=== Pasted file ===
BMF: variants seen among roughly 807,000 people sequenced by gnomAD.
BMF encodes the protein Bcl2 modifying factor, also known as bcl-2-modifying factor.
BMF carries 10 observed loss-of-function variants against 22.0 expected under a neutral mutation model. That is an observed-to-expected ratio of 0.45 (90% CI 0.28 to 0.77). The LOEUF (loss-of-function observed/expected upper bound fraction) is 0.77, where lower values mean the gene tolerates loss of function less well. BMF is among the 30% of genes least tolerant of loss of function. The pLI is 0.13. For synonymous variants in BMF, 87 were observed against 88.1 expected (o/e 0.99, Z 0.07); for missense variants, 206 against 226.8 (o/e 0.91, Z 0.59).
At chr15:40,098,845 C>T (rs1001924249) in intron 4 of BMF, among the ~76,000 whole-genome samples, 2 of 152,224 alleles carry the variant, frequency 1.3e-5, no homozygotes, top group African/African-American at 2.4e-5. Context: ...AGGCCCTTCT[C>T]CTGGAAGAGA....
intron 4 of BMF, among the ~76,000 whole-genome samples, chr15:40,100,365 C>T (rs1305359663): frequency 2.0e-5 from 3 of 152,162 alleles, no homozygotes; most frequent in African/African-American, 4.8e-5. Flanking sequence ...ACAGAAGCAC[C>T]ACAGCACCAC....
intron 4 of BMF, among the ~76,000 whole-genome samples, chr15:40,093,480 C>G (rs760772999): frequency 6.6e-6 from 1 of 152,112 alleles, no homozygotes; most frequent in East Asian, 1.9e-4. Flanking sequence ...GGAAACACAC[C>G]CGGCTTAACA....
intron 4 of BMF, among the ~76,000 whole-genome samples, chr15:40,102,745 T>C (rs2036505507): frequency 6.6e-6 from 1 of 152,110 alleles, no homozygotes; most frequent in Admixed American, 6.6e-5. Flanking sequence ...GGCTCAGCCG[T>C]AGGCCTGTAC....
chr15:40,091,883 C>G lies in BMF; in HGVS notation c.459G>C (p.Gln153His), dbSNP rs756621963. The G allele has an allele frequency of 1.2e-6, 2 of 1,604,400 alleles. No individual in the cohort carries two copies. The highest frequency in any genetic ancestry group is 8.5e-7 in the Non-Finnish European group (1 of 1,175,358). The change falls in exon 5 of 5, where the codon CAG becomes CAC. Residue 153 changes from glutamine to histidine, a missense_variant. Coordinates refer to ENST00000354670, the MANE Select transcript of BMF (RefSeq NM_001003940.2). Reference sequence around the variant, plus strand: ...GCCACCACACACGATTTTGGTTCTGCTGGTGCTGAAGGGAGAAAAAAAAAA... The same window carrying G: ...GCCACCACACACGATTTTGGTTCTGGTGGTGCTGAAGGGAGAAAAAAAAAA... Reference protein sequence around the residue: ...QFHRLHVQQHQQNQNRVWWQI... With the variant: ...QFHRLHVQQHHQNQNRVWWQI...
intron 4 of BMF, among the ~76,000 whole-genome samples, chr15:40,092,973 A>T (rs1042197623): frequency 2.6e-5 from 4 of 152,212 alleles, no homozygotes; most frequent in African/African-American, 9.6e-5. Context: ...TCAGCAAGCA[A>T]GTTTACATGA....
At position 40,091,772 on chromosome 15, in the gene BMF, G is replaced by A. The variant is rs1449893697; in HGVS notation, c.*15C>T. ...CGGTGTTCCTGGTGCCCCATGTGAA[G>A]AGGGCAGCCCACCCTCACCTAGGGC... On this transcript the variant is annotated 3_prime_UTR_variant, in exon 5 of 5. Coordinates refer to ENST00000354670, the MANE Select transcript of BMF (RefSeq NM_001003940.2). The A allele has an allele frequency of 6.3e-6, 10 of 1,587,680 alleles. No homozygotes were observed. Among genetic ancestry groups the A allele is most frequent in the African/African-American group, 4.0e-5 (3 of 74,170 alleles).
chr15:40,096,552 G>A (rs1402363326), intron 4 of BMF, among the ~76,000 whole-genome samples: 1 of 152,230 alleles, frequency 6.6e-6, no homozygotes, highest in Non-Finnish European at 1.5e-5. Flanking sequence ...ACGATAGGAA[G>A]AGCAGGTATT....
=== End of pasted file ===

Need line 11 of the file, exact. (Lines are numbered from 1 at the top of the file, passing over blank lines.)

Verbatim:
chr15:40,096,552 G>A (rs1402363326), intron 4 of BMF, among the ~76,000 whole-genome samples: 1 of 152,230 alleles, frequency 6.6e-6, no homozygotes, highest in Non-Finnish European at 1.5e-5. Flanking sequence ...ACGATAGGAA[G>A]AGCAGGTATT....